Featured Voices: Columbia Cancer Volunteers in COVID-19 Vaccination Effort
In January, NewYork-Presbyterian and Columbia University Irving Medical Center (CUIMC) put out a call for clinical and non-clinical volunteers to assist with the COVID-19 vaccination rollout to patients at the Armory located at the CUIMC campus. More than 1600 employees from across Columbia signed up to volunteer to help with this massive undertaking, including physicians, researchers, and staff from the Herbert Irving Comprehensive Cancer Center (HICCC). Here are a few HICCC COVID-19 vaccination volunteers sharing their experience pitching in during this unprecedented time. We salute them!
Tanisha Jackson, PhD, senior research program manager at the HICCC
As an immunologist, Columbia employee, and Washington Heights resident, it is important for me to contribute to causes that I care about—my community and science. I was also personally motivated to assist during this time. Early in the pandemic, I lost a cousin to COVID-19, and my sister, who is an educator, recently recovered from COVID-19.
I served as a volunteer patient navigator, escorting patients through the Armory on their way to and after receiving the vaccination, helping patients with limited mobility, and making sure they were scheduled for their second vaccination before leaving. It was rewarding to help seniors regain some sense of security and make the vaccination experience as comfortable as possible for them. I also met new NewYork-Presbyterian and Columbia colleagues and have bonded with them during this experience.
The vaccine drive at the Armory was the largest number of people I have been around since March 2020; the human connection actually fueled me during the long shifts. Overall, it was a heartwarming volunteer experience.
Jordan Orange, MD, chair of the Department of Pediatrics at Columbia University Vagelos College of Physicians & Surgeons and member of the HICCC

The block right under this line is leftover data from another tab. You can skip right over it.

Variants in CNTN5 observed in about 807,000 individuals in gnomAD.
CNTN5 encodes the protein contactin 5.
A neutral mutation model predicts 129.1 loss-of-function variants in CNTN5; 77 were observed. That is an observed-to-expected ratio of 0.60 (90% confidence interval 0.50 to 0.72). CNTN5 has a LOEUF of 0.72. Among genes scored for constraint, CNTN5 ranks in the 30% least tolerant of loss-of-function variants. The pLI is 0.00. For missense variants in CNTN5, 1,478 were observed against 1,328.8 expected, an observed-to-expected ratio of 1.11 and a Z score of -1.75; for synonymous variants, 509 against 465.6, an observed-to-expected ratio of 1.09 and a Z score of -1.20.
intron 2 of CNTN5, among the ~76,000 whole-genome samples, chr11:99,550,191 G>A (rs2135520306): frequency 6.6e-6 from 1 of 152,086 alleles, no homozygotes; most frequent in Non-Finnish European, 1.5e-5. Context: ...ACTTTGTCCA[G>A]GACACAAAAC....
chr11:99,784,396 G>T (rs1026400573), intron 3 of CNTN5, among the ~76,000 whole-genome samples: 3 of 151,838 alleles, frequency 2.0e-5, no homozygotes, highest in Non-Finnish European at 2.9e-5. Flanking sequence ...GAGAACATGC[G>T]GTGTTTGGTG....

This is a monumental opportunity to protect our community and bring hope where there has been containment, isolation, and despair. It is an “all hands on deck” initiative and we owe it to New York City to move as fast as we can. Healthcare systems are all stretched thin now so it is fundamental that we all chip in to do our part. I should add that pediatricians are really good at giving vaccines (and have had a lot of practice), so it was nice also to connect to that part of my own identity.
I served as a vaccinator and gave several dozen vaccines. I asked and answered questions and logged vaccines. I honestly experienced so many tears of joy during this experience—both from community members and from myself. The thought of safety, freedoms, and life ahead after this truly existential challenge was a visible relief and almost cathartic moment. When one individual said to me, “I only want to be able to hug my granddaughter again,” what can one do but join in tears of hope and joy?
There was a palpable positivity and optimism at the Armory. The site ran so smoothly, orderly, and efficiently. I was able to focus on giving vaccines and conveying information and answering questions. I also was able to use the video interpreter cart to interact and communicate with numerous Spanish-speaking residents of our neighborhood, and they expressed gratitude for the technology and for having their concerns and questions addressed. I cannot think of anything more important to be doing than this. I started my shift at 5:30 a.m., and honestly, it energized me for the entire day, and I am still drawing inspiration from the experience.
Emer Smyth, PhD, associate director for administration at the HICCC and assistant professor of pathology and cell biology at Columbia Vagelos College of Physicians & Surgeons
When the call for volunteers at the NewYork-Presbyterian/Columbia vaccination site at the Armory came out, I jumped at the opportunity. After almost a year in which doing my part during the pandemic meant staying at home and out of the way of the frontliners, I was thrilled to be able to do something more.
The Armory is bustling, filled with volunteers and patients – almost all of whom are elderly – working together (with strict social distancing and masking) to get shots into arms. My small part directing people to the right place, checking they completed the post-observation period, and texting the pharmacist when the vaccinator needed more doses, has been so rewarding. Smiles are hidden by masks, but eyes reveal everything – relief, joy, hope.
As a scientist myself who spent 20 years in laboratory research, it is also a thrill to see the rapid application of science into public good and to witness the awesome power of research in solving problems in human health. We live in an extraordinary time of possibilities.
HICCC Featured Voices gives our patients, members, and supporters an opportunity to share their personal stories. If you have a story to share and want to be included as a featured voice, please email the HICCC Communications team at email@example.com.